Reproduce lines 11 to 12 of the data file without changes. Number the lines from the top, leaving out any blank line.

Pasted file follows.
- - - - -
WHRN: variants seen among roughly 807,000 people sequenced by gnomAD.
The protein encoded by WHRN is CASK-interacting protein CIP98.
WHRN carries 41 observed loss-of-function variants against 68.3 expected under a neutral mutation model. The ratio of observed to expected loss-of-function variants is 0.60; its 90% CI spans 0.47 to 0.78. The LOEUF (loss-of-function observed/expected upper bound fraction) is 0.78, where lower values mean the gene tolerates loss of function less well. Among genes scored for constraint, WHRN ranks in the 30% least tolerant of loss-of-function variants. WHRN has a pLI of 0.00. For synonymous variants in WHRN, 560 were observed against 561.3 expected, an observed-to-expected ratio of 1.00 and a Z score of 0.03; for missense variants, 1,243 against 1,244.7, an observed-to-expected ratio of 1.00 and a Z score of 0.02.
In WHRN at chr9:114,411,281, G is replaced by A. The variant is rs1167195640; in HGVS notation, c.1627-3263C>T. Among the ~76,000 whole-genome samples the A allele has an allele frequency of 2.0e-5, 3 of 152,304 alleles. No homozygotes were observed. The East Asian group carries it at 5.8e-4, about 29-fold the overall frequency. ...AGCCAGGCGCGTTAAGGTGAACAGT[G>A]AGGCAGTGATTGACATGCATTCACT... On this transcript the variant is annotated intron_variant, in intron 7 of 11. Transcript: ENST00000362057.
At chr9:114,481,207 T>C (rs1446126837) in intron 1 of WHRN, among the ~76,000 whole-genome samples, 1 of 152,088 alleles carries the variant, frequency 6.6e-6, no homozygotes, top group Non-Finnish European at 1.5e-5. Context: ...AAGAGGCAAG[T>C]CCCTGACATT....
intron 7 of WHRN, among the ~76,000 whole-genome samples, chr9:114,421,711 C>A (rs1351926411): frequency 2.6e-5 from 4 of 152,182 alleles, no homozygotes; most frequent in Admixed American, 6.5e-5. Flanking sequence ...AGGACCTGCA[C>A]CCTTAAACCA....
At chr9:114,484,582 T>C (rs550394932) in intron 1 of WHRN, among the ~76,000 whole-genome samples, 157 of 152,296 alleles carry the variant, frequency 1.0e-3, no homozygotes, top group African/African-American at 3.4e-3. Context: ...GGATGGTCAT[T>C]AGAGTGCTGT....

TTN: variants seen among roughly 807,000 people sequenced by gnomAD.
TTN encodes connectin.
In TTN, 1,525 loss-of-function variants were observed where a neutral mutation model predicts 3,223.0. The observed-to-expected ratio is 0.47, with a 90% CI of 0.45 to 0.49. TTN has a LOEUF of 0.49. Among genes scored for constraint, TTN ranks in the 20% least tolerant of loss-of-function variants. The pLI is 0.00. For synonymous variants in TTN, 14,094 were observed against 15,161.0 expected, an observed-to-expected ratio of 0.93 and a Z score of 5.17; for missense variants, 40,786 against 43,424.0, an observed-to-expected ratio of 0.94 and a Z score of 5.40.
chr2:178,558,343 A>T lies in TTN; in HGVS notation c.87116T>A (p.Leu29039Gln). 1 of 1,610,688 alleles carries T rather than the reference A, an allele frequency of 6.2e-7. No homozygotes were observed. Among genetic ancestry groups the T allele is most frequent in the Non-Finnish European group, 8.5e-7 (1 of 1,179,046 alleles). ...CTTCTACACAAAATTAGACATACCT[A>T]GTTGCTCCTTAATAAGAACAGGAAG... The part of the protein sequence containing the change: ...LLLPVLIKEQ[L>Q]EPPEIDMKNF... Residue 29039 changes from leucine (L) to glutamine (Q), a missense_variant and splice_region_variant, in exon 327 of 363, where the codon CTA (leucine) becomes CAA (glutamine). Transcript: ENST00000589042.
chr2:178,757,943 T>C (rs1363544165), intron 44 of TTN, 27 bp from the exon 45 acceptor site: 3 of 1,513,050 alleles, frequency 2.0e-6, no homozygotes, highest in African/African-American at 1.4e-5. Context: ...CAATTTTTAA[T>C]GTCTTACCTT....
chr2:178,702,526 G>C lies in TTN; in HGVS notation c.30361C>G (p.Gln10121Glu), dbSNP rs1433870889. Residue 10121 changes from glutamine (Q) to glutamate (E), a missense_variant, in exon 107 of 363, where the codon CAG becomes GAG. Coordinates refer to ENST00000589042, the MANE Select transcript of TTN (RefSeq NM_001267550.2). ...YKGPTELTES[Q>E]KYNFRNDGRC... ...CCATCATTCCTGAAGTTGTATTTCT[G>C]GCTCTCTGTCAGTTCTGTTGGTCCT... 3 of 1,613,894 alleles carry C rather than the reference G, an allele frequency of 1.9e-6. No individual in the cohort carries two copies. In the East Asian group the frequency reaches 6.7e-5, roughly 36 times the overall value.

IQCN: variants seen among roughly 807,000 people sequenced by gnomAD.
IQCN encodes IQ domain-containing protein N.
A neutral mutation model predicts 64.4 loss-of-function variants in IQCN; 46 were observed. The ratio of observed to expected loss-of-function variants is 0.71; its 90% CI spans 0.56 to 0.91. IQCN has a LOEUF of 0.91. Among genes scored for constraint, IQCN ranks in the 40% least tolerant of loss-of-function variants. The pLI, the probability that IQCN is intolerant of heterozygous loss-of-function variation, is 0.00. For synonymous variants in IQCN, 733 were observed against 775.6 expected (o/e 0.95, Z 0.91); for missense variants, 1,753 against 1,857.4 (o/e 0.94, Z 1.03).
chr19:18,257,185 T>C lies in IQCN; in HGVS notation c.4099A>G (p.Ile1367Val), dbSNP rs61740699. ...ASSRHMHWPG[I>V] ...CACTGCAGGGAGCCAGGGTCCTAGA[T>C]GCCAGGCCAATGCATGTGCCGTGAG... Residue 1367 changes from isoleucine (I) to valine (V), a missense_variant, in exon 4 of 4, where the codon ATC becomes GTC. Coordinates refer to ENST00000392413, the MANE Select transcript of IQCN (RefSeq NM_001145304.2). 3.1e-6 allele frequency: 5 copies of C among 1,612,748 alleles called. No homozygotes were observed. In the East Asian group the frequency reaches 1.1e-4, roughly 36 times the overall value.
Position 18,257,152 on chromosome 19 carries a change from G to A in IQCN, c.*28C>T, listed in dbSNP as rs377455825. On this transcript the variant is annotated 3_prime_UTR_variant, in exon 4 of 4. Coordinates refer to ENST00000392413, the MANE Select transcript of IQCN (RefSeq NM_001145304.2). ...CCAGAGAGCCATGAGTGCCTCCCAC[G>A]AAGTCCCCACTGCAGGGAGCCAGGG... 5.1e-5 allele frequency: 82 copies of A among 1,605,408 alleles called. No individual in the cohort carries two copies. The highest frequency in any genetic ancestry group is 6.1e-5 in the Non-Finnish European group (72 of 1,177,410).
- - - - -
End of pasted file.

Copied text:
chr2:178,558,343 A>T lies in TTN; in HGVS notation c.87116T>A (p.Leu29039Gln). 1 of 1,610,688 alleles carries T rather than the reference A, an allele frequency of 6.2e-7. No homozygotes were observed. Among genetic ancestry groups the T allele is most frequent in the Non-Finnish European group, 8.5e-7 (1 of 1,179,046 alleles). ...CTTCTACACAAAATTAGACATACCT[A>T]GTTGCTCCTTAATAAGAACAGGAAG... The part of the protein sequence containing the change: ...LLLPVLIKEQ[L>Q]EPPEIDMKNF... Residue 29039 changes from leucine (L) to glutamine (Q), a missense_variant and splice_region_variant, in exon 327 of 363, where the codon CTA (leucine) becomes CAA (glutamine). Transcript: ENST00000589042.
chr2:178,757,943 T>C (rs1363544165), intron 44 of TTN, 27 bp from the exon 45 acceptor site: 3 of 1,513,050 alleles, frequency 2.0e-6, no homozygotes, highest in African/African-American at 1.4e-5. Context: ...CAATTTTTAA[T>C]GTCTTACCTT....